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And the answer isn’t a simple one. With many certification schemes and company strategies, it can be a confusing time for customers.
As regular readers of this blog will know, the Co-op has been a firm supporter of Fairtrade for a very long time. In fact, long before any of our high street rivals. I think it’s safe to claim that over the last 25 years we’ve made Fairtrade mainstream in British retailing.
From a commercial perspective, it wasn’t always easy for us. But we made a long-term commitment, supported by our millions of members, and we worked to show our customers how paying a fair price to farmers on the other side of the world could make an enormous difference to the quality of their lives and the communities in which they live.
And it wasn’t just about paying a fair price. We wanted to support a scheme that guaranteed farmers control and autonomy and which encouraged local democratic decision making. A quarter-century on, Fairtrade has become one of our strongest ‘proof points’ of Co-op integrity and social responsibility. We know that it now encourages customers to shop with us and to become Co-op members.
Confusing the consumer
But across the retail sector, it’s become a confusing landscape for customers. There’s starting to be a bewildering range of ethical badges which retailers and brands choose to put on their products, including ones which are self-audited.
Do customers understand the difference between these rival ethical labels often with similar sounding names to Fairtrade? Do they understand the trading relationship between the retailer and the supplier? What standards are being measured? And who is doing the measuring? And crucially, are these alternative schemes helping the producers keep control of how they use the money they earn?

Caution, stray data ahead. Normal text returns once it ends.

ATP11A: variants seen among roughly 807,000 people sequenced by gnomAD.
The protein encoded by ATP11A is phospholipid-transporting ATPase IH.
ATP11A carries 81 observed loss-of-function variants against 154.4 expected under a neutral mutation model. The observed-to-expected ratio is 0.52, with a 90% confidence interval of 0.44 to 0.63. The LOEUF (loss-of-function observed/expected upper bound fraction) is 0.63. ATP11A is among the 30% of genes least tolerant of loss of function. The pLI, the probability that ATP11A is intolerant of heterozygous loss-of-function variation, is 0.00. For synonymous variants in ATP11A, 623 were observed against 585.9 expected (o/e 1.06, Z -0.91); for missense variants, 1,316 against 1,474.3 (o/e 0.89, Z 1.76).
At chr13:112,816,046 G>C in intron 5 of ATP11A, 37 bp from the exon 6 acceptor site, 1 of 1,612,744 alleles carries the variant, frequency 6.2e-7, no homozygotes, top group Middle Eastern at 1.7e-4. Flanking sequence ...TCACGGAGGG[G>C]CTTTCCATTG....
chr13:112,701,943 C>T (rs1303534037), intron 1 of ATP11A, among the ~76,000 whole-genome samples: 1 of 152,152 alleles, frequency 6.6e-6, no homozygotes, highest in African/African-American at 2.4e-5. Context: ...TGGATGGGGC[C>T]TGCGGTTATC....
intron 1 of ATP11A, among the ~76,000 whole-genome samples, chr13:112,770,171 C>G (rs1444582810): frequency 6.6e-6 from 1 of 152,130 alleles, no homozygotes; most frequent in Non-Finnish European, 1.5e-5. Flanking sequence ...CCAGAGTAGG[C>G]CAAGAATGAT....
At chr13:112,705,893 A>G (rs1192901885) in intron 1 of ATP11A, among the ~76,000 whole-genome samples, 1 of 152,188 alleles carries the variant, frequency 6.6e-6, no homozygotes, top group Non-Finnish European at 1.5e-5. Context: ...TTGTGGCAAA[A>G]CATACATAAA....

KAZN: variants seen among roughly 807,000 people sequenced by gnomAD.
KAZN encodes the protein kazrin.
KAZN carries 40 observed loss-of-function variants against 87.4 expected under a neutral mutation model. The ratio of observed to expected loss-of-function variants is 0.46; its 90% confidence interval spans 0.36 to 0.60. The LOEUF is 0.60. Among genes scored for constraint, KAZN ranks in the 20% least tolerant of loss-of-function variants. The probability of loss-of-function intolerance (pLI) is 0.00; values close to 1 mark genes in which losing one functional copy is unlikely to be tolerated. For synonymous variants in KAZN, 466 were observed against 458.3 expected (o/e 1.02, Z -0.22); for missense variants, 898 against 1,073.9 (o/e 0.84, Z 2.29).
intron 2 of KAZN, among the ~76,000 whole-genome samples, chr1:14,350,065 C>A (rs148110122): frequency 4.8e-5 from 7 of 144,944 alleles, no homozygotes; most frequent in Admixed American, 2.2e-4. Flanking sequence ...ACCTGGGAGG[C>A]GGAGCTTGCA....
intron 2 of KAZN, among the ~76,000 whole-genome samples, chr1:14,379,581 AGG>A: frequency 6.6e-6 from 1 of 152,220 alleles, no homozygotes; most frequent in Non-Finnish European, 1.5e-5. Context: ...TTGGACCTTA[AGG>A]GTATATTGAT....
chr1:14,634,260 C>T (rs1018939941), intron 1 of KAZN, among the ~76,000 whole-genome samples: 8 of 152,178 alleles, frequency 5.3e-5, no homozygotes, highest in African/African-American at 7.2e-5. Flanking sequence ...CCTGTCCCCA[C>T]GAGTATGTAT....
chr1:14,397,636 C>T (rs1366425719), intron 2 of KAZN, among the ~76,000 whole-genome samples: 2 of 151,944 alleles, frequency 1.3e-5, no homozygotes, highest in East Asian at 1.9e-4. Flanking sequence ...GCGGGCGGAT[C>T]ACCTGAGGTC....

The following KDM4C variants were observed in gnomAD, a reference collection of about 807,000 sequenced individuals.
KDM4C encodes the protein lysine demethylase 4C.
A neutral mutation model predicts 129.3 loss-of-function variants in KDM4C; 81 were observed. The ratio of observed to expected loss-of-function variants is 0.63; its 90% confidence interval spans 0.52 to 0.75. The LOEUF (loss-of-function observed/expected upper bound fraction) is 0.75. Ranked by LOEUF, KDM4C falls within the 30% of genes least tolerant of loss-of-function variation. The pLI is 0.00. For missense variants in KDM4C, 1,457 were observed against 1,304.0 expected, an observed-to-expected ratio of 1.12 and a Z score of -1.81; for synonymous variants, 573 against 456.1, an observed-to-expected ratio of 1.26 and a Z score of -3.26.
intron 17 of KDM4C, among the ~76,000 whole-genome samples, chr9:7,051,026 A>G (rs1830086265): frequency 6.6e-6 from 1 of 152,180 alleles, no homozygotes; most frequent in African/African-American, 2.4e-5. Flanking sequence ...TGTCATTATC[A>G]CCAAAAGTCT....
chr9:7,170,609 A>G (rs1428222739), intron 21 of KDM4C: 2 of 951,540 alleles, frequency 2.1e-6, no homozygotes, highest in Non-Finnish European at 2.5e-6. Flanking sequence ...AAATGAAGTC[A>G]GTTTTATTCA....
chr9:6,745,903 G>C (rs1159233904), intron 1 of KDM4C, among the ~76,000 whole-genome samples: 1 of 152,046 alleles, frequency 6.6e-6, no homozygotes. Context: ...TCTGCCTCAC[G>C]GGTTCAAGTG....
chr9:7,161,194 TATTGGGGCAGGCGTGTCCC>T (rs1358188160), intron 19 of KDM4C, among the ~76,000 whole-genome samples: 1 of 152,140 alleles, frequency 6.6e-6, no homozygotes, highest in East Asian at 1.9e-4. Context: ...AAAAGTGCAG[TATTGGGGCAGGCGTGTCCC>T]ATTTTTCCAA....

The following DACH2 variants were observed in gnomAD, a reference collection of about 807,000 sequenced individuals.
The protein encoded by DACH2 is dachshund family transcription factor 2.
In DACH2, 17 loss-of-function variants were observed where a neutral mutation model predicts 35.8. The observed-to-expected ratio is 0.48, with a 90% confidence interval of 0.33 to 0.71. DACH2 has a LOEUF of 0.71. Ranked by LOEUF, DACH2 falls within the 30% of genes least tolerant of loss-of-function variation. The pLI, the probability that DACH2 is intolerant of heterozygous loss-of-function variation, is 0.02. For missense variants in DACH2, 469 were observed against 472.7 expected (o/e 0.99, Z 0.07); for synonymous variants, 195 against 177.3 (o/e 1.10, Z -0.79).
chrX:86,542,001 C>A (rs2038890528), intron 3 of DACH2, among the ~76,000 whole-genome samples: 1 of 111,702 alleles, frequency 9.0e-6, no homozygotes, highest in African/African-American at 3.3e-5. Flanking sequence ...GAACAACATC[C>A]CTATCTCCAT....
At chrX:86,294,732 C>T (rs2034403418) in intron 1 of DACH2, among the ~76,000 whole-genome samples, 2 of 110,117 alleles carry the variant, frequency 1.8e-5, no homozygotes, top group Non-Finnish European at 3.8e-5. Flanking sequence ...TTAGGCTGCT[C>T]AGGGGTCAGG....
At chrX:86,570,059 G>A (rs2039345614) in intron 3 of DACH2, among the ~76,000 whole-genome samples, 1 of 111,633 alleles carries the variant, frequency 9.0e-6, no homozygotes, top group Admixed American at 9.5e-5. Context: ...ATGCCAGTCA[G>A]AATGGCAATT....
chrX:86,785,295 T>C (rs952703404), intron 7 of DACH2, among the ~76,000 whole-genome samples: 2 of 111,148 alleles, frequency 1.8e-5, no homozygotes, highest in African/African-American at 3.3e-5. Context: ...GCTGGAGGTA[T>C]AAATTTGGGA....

Unfair to farmers
It’s the most vulnerable in our food chain who are paying the greatest price for this confusion.
Low wages, irregular income and uncertain futures are rife around the world. Over the last five years, the price of coffee and cocoa in the international commodity markets has regularly fallen to levels which don’t meet the Fairtrade minimum price – causing uncertainty for those at the sharp end of the market. Fairtrade creates the security that means those farmers can afford to keep growing cocoa and coffee beans and put food on their own tables for their own families.
When retail margins in the UK become ever tighter, our commitment to the producers on the other side of the world needs to become more important, not less. But instead, we’re seeing that when ‘push comes to shove’, short-term local profit counts for more than global justice and retailers start to create ethical schemes that are less expensive to run.
At the Co-op, we’ve just signed up to the new global Fair Trade Charter put together by the World Fair Trade Organisation and Fairtrade International. The charter is designed to be a common reference point for the Fair Trade movement around the world. This common reference point is critical for the future of just trading relationships between retailers in the global north and farmers in the global south.
Making it work for everyone
To make Fairtrade work for everyone – the producer, the retailer and the consumer – requires an on-going conversation with our customers about what global economic justice needs to look like. That’s a tough conversation to have in a shopping aisle! But actually, that’s exactly where it needs to be taking place. The challenge is how to do it well.
We know that Fairtrade is the best model out there if we want to be serious about economic fairness. At the Co-op we want everyone to follow Fairtrade standards because the system has been proved to work and the British public now recognise and trust the Fairtrade name.
But there’s clearly more work to be done in helping everyone understand exactly what Fairtrade stands for. That means ending the proliferation of ethical labels and putting our full weight behind a conversation about global fairness.
Retail Chief Commercial Officer